"Tarrangower" property owners and fine merino wool producers Dave and Angie Waters have won, three times a highly competitive wool growers competition.
The international recognition given to this Armidale region via the award, make us all proud.
Dave and Angie are excited about following in their families footsteps. Dave commented that, "Many farmers swop and change their farming direction based on the movement of the market."
"We made a decision to stick with a plan and follow on with superfine wool even though the conditions and market have been very tough". They were chosen to attend the International Wool Textile Organisation conference in 2017, all expenses paid, to talk about how we do produce our wool.
Angie said "I think we were chosen because we are younger farmers and the New England tablelands has a reputation for beautiful merino wool."
Again in 2019 "Tarrangower" Angie and Dave Waters have won three first prizes in Ermenegilda Zegna prestigious Italian wool competition.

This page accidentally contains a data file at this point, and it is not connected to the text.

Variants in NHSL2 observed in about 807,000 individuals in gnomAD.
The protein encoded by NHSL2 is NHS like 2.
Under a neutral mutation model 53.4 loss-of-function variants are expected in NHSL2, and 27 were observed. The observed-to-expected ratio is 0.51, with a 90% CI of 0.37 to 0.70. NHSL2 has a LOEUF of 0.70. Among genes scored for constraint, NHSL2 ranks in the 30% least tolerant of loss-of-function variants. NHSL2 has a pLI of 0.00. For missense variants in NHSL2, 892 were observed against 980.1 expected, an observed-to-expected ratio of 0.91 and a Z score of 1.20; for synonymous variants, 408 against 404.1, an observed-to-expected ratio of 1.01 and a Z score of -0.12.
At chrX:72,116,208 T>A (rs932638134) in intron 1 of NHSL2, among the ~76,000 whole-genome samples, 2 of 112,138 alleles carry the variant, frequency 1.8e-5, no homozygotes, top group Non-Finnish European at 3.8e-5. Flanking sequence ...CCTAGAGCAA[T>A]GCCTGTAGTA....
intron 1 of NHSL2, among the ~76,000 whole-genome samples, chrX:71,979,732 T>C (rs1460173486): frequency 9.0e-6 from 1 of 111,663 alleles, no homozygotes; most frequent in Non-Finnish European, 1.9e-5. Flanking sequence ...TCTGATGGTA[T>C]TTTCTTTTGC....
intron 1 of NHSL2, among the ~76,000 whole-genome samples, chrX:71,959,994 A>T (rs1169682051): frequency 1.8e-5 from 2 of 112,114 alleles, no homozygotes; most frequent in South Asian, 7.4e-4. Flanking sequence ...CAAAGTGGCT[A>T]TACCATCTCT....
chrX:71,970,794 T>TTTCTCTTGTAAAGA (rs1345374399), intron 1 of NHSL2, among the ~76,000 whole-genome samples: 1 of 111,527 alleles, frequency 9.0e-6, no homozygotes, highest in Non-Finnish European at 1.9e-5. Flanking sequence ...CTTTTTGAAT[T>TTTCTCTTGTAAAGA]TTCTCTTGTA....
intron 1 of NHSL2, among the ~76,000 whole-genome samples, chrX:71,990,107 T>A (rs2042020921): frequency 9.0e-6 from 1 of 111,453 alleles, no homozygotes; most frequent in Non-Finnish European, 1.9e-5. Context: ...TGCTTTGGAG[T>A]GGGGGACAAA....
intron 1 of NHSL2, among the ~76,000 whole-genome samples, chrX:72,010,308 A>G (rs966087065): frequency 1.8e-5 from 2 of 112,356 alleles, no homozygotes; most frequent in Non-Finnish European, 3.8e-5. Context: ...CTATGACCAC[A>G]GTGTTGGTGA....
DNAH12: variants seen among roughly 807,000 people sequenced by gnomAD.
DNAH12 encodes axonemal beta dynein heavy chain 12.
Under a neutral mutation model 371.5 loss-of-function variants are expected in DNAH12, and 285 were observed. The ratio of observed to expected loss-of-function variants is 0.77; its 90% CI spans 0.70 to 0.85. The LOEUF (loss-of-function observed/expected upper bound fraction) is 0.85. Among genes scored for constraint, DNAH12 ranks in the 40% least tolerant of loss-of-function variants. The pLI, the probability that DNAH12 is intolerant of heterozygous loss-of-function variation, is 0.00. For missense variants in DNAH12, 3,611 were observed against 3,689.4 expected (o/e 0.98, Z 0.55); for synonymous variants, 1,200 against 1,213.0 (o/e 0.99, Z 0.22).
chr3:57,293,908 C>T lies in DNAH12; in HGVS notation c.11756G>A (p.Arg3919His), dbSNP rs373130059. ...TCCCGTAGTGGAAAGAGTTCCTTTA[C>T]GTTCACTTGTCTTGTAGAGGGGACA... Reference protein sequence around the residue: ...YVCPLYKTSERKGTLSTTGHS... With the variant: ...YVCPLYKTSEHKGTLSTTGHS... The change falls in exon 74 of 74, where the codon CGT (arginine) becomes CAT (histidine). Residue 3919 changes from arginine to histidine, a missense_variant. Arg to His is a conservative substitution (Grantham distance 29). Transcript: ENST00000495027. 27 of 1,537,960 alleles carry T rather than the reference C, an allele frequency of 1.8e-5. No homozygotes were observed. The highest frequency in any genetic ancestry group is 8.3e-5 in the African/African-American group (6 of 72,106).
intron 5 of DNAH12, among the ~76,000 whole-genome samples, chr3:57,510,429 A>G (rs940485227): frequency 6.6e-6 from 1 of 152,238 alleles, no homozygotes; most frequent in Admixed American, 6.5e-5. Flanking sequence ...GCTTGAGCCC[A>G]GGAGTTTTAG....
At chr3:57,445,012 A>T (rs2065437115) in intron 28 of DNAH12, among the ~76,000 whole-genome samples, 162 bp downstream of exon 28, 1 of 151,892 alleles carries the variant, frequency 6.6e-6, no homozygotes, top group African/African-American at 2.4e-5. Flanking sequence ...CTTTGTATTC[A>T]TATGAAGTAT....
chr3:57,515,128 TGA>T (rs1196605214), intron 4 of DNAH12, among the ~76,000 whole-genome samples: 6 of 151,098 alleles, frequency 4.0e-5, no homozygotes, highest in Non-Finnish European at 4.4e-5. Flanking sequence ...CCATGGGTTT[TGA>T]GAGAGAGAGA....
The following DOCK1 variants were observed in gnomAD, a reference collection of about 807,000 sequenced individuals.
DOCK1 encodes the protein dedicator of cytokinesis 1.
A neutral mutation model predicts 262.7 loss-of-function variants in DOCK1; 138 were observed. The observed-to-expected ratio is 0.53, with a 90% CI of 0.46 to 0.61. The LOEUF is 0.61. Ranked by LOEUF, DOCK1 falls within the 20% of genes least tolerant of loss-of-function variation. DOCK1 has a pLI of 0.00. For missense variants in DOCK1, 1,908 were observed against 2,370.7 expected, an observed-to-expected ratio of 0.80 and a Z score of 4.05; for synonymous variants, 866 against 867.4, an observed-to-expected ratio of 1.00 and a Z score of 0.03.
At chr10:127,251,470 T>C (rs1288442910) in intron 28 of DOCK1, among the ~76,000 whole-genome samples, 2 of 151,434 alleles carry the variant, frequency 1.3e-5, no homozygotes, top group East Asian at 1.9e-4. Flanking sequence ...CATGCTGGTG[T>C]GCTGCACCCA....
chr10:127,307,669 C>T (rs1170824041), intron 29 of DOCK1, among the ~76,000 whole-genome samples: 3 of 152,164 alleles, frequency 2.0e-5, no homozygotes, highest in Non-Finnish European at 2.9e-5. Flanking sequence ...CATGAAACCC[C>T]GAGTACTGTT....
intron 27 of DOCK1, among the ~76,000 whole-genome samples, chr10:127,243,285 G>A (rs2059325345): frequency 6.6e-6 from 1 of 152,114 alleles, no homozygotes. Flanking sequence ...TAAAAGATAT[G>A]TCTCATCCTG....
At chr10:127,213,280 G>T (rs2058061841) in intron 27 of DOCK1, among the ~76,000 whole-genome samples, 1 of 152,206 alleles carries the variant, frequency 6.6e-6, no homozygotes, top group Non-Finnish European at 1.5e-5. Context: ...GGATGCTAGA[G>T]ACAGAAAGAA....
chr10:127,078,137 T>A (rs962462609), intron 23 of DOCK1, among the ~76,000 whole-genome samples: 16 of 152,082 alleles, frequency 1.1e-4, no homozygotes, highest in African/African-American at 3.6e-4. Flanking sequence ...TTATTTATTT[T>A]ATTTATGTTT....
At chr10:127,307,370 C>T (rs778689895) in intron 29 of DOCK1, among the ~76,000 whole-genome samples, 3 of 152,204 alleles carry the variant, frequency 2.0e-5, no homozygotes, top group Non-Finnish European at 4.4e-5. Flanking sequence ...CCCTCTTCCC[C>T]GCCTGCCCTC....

In 2019 prizes included $12,500, a beautiful bolt of their own superfine wool, and three custommade bespoke garments.
The EZWT has been held since 1963 to encourage wool growers to produce higher quality of wool this celebrates the importance of wool and in this case our wool. Zegna website says "that it holds competitions to encourage Australian wool growers".
"To celebrate the importance of wool and to incentivise wool producers to evolve the fineness and excellence of this fibre,"
Angie and Dave greatgrandfathers Robert Waters and RossTully who established merino programs (on their separate farms that were connected), through friendships and this has resulted in 100 years of superfine merino breeding.
The current drought conditions Angie said "We can't sell sheep because of the drought we have to try and keep them" as "we can't replace our Merino genetics".
Dave Waters mentions that in 2019 there has been a less than average fall having received 850 mil per annum in 2018. But worst still "they received a total of 700 mil and for this year a meager 90 mil of rain."
The merinos are shorn in early September and get great results by "three wool classes in the shed." Dave Waters, Angie's father, and Angie are all wool classers looking for that 'special fleece'.
Dave commented that "It is a fallacy that commercial sheep cannot do their job in the paddock"; in other words, they don't need to be placed in sheds.
"We only employ one shearer. Aaron Hatcher is in his mid-thirties, and has been the only shearer in the shed for the last nine years. We can control the speed and practices in the shed, providing a quality job."